Migrate from UWP to the Windows App SDK
If you're happy with your current functionality in the Universal Windows Platform (UWP), then there's no need to migrate your project type. WinUI 2.x, and the Windows SDK, support UWP project types.
But if you've decided to migrate your app from UWP to the Windows App SDK, then in most cases your UI code needs just a few namespace changes. Much of your platform code can stay the same. You'll need to adjust some code due to differences between desktop apps and UWP apps. But we expect that for most apps (depending on codebase size, of course), migration will take on the order of days rather than weeks. At a high level, these are the steps:
- Create a WinUI 3 packaged desktop project (see Create your first WinUI 3 project). That could go into your existing solution.
- Copy your XAML/UI code. In many cases you can simply change namespaces (for example, Windows.UI.* to Microsoft.UI.*).
- Copy your app logic code. Some APIs need tweaks, such as Popup, Pickers, and SecondaryTiles.
For full details, see the topics below. They describe and demonstrate how to migrate your Universal Windows Platform (UWP) application to the Windows App SDK.
Take particular note of What's supported when migrating from UWP to WinUI 3. That topic describes any functionality that's not yet supported in WinUI 3 and the Windows App SDK. If your app needs any of those features/libraries, then consider waiting to migrate.
Migrating by using the .NET Upgrade Assistant tool
As a next step in assisting you to migrate your Universal Windows Platform (UWP) apps to the Windows App SDK and WinUI 3, we've leveraged the .NET Upgrade Assistant, adding support for migrating C# UWP apps. The UWP support automates much of the migration process. A preview is now available—for more info, see Migrate from UWP to the Windows App SDK with the .NET Upgrade Assistant.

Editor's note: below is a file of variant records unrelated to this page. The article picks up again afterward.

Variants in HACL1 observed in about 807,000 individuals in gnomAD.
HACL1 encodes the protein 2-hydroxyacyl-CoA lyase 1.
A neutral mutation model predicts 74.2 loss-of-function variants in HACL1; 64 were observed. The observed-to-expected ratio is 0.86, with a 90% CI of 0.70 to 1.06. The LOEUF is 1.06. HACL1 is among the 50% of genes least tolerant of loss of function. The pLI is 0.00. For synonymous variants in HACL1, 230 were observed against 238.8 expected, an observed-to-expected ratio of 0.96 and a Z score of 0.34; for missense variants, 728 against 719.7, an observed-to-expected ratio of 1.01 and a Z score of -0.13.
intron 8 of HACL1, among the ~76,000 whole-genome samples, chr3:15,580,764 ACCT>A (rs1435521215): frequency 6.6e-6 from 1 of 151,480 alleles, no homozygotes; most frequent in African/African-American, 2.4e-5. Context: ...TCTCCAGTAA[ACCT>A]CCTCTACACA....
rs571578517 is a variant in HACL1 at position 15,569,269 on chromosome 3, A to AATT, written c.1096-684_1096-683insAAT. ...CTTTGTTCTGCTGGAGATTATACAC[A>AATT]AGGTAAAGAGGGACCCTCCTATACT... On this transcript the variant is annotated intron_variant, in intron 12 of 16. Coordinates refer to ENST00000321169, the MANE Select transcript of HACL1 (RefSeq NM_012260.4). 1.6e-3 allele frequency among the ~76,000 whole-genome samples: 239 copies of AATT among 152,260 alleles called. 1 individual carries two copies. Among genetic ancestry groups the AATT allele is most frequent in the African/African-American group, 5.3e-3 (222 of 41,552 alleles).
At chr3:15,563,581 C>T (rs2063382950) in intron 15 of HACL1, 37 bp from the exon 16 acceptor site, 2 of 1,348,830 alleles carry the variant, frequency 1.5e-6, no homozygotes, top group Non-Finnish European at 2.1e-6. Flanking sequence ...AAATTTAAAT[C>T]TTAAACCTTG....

Our roadmap for UWP support in the .NET Upgrade Assistant includes further tooling improvements, and adding migration support for new features.
The Upgrade Assistant GitHub repository documents troubleshooting tips and known issues. If you find any issues while using the tool, please report them in that same GitHub repository, tagging them with an area tag of
UWP. We appreciate it!
Topics in this section
|Overall migration strategy||Considerations and strategies for approaching the migration process, and how to set up your development environment for migrating.|
|Mapping UWP features to the Windows App SDK||This topic compares major feature areas in the different forms in which they appear in UWP and in the Windows App SDK.|
|What's supported||Learn what features are currently available in WinUI 3 Desktop to evaluate whether you should attempt migrating your UWP app today.|
|Mapping UWP APIs and libraries to Windows App SDK||This topic provides a mapping of UWP APIs and libraries to their Windows App SDK equivalents.|
|Feature area guides||A collection of migration guidance topics, each focusing on a specific feature area.|
|Case study 1—PhotoLab (C#)||This topic is a case study of taking the C# UWP PhotoLab sample app, and migrating it to the Windows App SDK.|
|Case study 2—Photo Editor (C++/WinRT)||This topic is a case study of taking the C++/WinRT UWP Photo Editor sample app, and migrating it to the Windows App SDK.|
|Additional migration guidance||This topic contains additional migration guidance not categorized into a feature area in the feature area guides.|
|Migrate from UWP to the Windows App SDK with the .NET Upgrade Assistant||The .NET Upgrade Assistant is a command-line tool that can assist with migrating a C# UWP app to a Windows UI Library (WinUI) 3 app that uses the Windows App SDK.|